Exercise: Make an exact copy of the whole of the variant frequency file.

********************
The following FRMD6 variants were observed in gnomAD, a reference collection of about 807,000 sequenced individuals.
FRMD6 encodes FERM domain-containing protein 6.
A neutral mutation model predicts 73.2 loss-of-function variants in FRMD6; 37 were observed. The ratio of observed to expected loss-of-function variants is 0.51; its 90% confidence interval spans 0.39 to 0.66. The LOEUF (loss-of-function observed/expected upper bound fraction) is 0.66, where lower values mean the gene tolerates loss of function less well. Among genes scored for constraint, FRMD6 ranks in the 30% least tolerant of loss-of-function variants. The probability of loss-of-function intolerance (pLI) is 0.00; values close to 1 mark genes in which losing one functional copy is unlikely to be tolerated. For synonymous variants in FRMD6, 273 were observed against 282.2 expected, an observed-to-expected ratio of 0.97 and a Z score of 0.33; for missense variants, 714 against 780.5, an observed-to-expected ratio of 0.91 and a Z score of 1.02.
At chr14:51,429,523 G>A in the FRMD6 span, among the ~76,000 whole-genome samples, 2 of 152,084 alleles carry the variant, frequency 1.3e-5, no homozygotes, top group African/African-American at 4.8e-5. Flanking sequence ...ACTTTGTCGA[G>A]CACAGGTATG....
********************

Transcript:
The following FRMD6 variants were observed in gnomAD, a reference collection of about 807,000 sequenced individuals.
FRMD6 encodes FERM domain-containing protein 6.
A neutral mutation model predicts 73.2 loss-of-function variants in FRMD6; 37 were observed. The ratio of observed to expected loss-of-function variants is 0.51; its 90% confidence interval spans 0.39 to 0.66. The LOEUF (loss-of-function observed/expected upper bound fraction) is 0.66, where lower values mean the gene tolerates loss of function less well. Among genes scored for constraint, FRMD6 ranks in the 30% least tolerant of loss-of-function variants. The probability of loss-of-function intolerance (pLI) is 0.00; values close to 1 mark genes in which losing one functional copy is unlikely to be tolerated. For synonymous variants in FRMD6, 273 were observed against 282.2 expected, an observed-to-expected ratio of 0.97 and a Z score of 0.33; for missense variants, 714 against 780.5, an observed-to-expected ratio of 0.91 and a Z score of 1.02.
At chr14:51,429,523 G>A in the FRMD6 span, among the ~76,000 whole-genome samples, 2 of 152,084 alleles carry the variant, frequency 1.3e-5, no homozygotes, top group African/African-American at 4.8e-5. Flanking sequence ...ACTTTGTCGA[G>A]CACAGGTATG....